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I've recently inherited a internationalized and text-heavy Struts 1.1 web application. Many of the JSP files look like:

<p>
    <bean:message key="alert" />
</p>

and the properties files look like:

messages.properties
alert=Please update your <a href="/address.do">address</a> and <a href="/contact.do">contact information</a>.

with the appropriate translations in N other languages (messages_fr.properties, etc).

Problems:

  1. DRY violation - I have N references to my Struts action URLs instead of 1, which makes refactoring action URLs error-prone.
  2. Mixed concerns - My application's markup is now in more than just my JSP files, making it difficult for a web specialist to tweak the markup (using CSS, etc).
  3. Post-translation markup - Anytime I receive newly-translated text, I must decide what to surround with the <a>...</a> markup. Easy for English but less so for unfamiliar languages.

I've considered adding placeholders in the messages file, like:

alert=Please update your {0} and {1}.

but then the words "address" and "contact information" would somehow need to be localized, wrapped with markup, and passed to my message tag - and I can't see an easy way to do it.

What can I do to improve this?

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4 Answers 4

up vote 2 down vote accepted

Avoid creating links within long blocks of text. Prefer shorter text that can act as a logically complete and independent link.

Generally, it will lead to fewer problems. Sometimes you have to compromise your UI design to accommodate localization; sometimes you need to compromise your localization process to accommodate the UI.

Any time a developer manually manipulates post-translation strings is a source of potentially expensive bugs. Cutting/pasting or string editing can result in character corruption, misplaced strings, etc. A translation defect needs the participation of outside parties to fix which involves cost and takes time.

Thinking on it, something like this might be less ugly:

<p>Please update your address and contact information.
<br />
<a href="/address.do">update address</a>
<br />
<a href="/contact.do">update contact information</a></p>

...but I'm no UI designer.

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One approach that comes to mind is that you could store the translated replacement parameters i.e. "address" and "contact information" in a separate properties file, one per locale. Then have your Action class (or probably some helper class) look up the values from the correct ResourceBundle for the current locale and pass them to the message tag.

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Perhaps:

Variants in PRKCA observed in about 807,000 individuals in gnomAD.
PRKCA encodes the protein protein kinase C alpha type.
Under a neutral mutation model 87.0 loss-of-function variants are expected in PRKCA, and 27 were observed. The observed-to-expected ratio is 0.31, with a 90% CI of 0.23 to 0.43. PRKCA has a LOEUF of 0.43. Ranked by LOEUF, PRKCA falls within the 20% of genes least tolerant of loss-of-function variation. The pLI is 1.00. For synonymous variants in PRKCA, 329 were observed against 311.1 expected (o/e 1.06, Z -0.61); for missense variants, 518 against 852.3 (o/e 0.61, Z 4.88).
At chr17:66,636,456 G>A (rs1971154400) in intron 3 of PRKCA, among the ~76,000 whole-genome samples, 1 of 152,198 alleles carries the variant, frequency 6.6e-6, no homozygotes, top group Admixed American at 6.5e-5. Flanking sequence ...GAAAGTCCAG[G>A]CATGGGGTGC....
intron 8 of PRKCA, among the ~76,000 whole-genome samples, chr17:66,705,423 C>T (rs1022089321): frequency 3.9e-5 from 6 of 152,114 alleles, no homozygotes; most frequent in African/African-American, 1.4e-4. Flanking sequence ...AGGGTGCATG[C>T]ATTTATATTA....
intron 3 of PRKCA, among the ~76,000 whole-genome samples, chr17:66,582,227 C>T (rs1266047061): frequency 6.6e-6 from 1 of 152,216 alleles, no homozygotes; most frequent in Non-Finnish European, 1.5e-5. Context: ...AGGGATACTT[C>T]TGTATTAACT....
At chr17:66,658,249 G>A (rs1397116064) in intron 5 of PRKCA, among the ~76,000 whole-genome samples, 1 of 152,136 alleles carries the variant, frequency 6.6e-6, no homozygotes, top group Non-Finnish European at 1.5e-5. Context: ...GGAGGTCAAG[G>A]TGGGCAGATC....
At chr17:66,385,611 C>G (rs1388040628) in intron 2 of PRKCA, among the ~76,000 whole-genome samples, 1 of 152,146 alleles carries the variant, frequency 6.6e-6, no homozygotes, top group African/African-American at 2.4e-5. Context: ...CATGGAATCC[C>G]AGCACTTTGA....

#
alert=Please update your {0}address{1} and {2}contact information{3}.
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The message message tag API allows only 5 parametric arguments

Ah! I blame my complete ignorance of the Struts API.

To quote the manual:

Some of the features in this taglib are also available in the JavaServer Pages Standard Tag Library (JSTL). The Struts team encourages the use of the standard tags over the Struts specific tags when possible.

You could probably do this with the http://java.sun.com/jsp/jstl/fmt taglib.

<fmt:bundle basename="messages">
    <fmt:message key="alert">
        <fmt:param value='<a href="/">' />
        <fmt:param value="</a>" />
        <fmt:param value='<a href="/">' />
        <fmt:param value="</a>" />
    </fmt:message>
</fmt:bundle>

The downside is that this isn't valid XML and yanking the values to variables involves more indirection, lookups and verbosity. This is not a good solution.

I don't know Struts, but if it is anything like JavaServer Faces (same architect), then there is probably support for configuring a replacement control. I would either replace the existing control with a more flexible one or add a new one.

Anytime I receive newly-translated text, I must decide what to surround with the <a>...</a> markup.

There is no way you should be doing this and I see this as a fault in your translation process (I am an ex-localization engineer and ex-developer of localization tools). The {0} characters should be included in the files that are sent to the translators. The localization guidelines should explain the string's context and the meaning of any variables.

You can programmatically validate the property bundles on return. String-specific regex's might do the trick. It isn't outside the realms of possibility that "address" and "contact information" would swap order during translation.

The simplest solution is to redesign the messages to render:

<a href="/address.do">Please update your address.</a>
<a href="/contact.do">Please update your contact information.</a>

I accept that this might not be a solution in all cases and may have your UI designer spitting teeth.

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